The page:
Slow delivery of flu vaccine worries some pediatricians

October 19, 2006|By Jonathan D. Rockoff | Jonathan D. Rockoff,Sun reporter

WASHINGTON -- Federal health officials sought to reassure concerned physicians and parents yesterday, saying there would be plenty of flu vaccine available by the end of November to immunize children and adults in time for the season's peak in February.

Many doctors complain that they haven't received any or most of their seasonal flu shots yet, while chain stores have.

Pediatricians say this is especially troublesome for children being vaccinated for the first time. Those children need two doses, spread a month apart, after which they aren't truly immune for two more weeks.

Dr. Jeanne M. Santoli, deputy director of the immunization services division at the Centers for Disease Control and Prevention, addressed the concerns at a news conference, saying vaccine makers have so far supplied 40 million doses to as many physicians and clinics as possible.

She denied that vaccine makers and distributors had favored larger customers with the first shipments.

By the end of this month, Santoli said, 75 million doses should be available, 15 million more doses than at the same time last year.

For all of this flu season, 115 million doses should be available, the most ever.

With vaccine supplies mounting, Santoli said there will be sufficient time to immunize everyone for the peak of flu season in February.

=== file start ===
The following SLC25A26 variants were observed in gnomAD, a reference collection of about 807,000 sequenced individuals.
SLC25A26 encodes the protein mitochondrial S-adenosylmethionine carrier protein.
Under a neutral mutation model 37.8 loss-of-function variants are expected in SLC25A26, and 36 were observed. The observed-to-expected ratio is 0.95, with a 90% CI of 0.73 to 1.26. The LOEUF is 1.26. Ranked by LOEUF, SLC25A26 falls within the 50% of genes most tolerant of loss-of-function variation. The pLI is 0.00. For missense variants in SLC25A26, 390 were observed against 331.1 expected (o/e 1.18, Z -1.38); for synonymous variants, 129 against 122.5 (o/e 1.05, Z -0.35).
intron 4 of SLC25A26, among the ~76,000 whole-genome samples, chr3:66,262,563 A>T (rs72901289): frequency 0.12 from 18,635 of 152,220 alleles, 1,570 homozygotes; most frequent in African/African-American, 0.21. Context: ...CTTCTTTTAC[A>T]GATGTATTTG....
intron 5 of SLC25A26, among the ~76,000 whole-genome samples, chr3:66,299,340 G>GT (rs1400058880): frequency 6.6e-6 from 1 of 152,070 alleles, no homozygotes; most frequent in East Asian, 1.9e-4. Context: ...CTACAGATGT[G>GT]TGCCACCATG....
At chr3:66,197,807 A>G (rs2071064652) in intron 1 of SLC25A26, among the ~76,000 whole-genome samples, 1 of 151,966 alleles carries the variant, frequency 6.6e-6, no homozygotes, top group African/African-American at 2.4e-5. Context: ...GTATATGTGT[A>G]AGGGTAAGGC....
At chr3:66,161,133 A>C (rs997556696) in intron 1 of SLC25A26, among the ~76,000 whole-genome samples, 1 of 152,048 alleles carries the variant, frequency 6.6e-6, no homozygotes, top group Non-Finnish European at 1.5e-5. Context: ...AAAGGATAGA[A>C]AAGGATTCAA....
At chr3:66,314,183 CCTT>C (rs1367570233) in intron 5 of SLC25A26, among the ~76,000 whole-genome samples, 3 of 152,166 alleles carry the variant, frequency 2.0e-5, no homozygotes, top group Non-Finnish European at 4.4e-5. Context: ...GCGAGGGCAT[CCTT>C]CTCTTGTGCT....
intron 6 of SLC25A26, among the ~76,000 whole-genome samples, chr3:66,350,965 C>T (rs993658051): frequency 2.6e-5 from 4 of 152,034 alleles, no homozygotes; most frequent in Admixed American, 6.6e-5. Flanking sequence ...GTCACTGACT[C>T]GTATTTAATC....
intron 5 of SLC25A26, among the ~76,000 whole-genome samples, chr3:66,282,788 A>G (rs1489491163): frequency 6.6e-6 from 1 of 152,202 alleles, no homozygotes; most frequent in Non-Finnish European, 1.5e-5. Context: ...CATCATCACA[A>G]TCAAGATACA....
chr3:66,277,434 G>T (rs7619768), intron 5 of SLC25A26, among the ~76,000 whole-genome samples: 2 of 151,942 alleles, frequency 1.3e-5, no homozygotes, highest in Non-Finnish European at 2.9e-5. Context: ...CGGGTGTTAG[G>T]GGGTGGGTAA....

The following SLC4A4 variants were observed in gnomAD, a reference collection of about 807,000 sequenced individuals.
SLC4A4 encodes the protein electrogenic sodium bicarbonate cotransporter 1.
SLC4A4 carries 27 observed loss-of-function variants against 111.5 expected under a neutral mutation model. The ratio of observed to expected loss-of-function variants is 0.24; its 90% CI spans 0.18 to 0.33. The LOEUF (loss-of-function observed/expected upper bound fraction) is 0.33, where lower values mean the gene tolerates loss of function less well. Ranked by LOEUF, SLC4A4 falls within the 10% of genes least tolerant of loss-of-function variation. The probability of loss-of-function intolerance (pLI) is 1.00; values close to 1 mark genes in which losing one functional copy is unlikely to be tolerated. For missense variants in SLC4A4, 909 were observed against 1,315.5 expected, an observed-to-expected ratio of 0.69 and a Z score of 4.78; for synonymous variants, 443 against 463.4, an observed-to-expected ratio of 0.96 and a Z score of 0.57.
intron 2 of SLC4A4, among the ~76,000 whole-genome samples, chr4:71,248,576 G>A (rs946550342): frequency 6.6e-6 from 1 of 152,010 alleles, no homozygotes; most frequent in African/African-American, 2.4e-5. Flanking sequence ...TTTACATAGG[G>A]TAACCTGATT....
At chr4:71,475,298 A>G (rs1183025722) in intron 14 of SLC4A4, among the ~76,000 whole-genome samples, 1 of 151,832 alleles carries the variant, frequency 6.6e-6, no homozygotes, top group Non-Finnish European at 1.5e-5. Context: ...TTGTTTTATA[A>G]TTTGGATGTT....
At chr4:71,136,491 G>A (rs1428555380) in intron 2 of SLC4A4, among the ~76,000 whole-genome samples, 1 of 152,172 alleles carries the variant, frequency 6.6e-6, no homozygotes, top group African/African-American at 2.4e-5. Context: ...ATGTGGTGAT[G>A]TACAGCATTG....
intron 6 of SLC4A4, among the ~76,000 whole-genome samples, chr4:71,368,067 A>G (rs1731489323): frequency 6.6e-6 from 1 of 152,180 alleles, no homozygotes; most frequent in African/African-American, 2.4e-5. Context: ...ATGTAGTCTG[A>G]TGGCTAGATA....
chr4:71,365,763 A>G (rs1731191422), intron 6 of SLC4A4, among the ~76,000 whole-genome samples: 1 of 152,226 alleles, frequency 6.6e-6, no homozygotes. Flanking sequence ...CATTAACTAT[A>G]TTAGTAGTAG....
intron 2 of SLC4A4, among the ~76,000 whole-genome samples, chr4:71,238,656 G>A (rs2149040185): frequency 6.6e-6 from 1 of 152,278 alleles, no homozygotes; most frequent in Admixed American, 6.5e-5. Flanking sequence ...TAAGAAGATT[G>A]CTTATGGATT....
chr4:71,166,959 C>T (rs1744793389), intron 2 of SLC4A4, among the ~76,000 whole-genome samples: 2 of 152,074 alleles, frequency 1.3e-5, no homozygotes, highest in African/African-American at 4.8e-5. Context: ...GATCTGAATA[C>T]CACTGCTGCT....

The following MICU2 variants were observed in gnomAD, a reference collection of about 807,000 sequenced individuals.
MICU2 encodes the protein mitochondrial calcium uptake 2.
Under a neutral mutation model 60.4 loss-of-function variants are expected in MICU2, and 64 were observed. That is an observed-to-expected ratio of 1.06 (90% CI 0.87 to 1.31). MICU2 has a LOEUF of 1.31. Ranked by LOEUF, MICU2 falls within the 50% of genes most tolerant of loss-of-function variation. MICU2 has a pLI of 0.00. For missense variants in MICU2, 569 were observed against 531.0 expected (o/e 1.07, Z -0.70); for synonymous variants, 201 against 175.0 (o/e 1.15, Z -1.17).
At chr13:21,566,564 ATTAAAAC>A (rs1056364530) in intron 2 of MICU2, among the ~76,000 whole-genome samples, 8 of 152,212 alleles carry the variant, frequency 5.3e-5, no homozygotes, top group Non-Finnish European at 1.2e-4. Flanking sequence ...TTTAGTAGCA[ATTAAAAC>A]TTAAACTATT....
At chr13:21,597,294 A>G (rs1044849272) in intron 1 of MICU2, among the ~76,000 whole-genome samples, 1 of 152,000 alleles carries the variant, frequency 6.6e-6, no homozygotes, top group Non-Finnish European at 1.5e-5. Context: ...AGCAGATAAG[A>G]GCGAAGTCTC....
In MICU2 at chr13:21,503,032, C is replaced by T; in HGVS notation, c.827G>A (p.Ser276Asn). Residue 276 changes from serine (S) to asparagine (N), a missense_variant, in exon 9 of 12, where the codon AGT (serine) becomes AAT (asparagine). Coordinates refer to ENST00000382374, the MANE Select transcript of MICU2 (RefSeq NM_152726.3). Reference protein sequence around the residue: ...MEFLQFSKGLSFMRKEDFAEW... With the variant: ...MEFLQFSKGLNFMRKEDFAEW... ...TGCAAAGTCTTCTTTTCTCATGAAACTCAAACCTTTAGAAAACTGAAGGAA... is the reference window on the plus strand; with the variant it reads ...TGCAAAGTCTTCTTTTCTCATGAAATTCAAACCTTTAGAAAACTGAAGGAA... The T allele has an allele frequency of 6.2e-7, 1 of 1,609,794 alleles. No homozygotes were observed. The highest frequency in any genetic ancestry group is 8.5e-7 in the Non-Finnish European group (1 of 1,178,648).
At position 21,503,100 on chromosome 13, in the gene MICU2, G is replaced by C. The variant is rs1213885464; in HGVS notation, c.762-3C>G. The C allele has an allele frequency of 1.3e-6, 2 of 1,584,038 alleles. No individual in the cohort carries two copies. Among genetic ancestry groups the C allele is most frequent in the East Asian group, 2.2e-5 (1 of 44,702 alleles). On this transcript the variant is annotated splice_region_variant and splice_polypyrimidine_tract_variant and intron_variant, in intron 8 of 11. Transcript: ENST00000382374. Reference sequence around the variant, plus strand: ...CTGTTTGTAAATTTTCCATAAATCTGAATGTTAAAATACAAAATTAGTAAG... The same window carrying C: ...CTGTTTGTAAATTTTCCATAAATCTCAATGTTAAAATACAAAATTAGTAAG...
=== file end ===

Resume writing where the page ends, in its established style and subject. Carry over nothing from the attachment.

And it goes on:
Most of the supplies involve traditional shots. A nasal spray, FluMist, for people ages 5 to 49, is not experiencing supply problems, and all orders are filled as they are made, said a spokeswoman for MedImmune Vaccines Inc., its Gaithersburg manufacturer.

Each year, 200,000 Americans are hospitalized with flu and 36,000 die from it. The virus is transmitted from person to person, especially children, and usually through coughing and sneezing.

The CDC, the federal health agency based in Atlanta, recommends that children 6 months to 5 years old get vaccinated.

Dr. Anne Francis, a pediatrician in Rochester, N.Y., said the delay in receiving vaccines will make it difficult to immunize all young patients, especially in time for holiday vacations, when she said some contract flu during travel.

In past years, Francis' pediatric group received most of its vaccines by the end of September and beginning of October. But so far this year, the group has received just 12 percent of its 3,000-dose order and doesn't expect to get the rest for at least two or three weeks, she said.

That means her group has yet to run flu clinics and will have four to six weeks less time to vaccinate all patients.

"There is adequate vaccine, but it's very late coming, and it will be much more logistically difficult to give it," said Francis, who spoke on behalf of the American Academy of Pediatrics, which represents 60,000 pediatricians.

Francis said her practice is using the Internet to keep patients informed of the situation and quickly schedule them for vaccinations once the shots are available.

The American Academy of Pediatrics has advised members to send letters to parents explaining the situation and encouraging them to bring in their children for vaccinations later in the year.

The complaints from doctors mar what had otherwise been a successful effort invigorating flu vaccine production.

Supplies had been low the past two years, after a major manufacturing plant in Great Britain was shut down for contamination problems.

With supplies expected to be larger than ever, federal health officials began early this month urging all Americans to get vaccinated.

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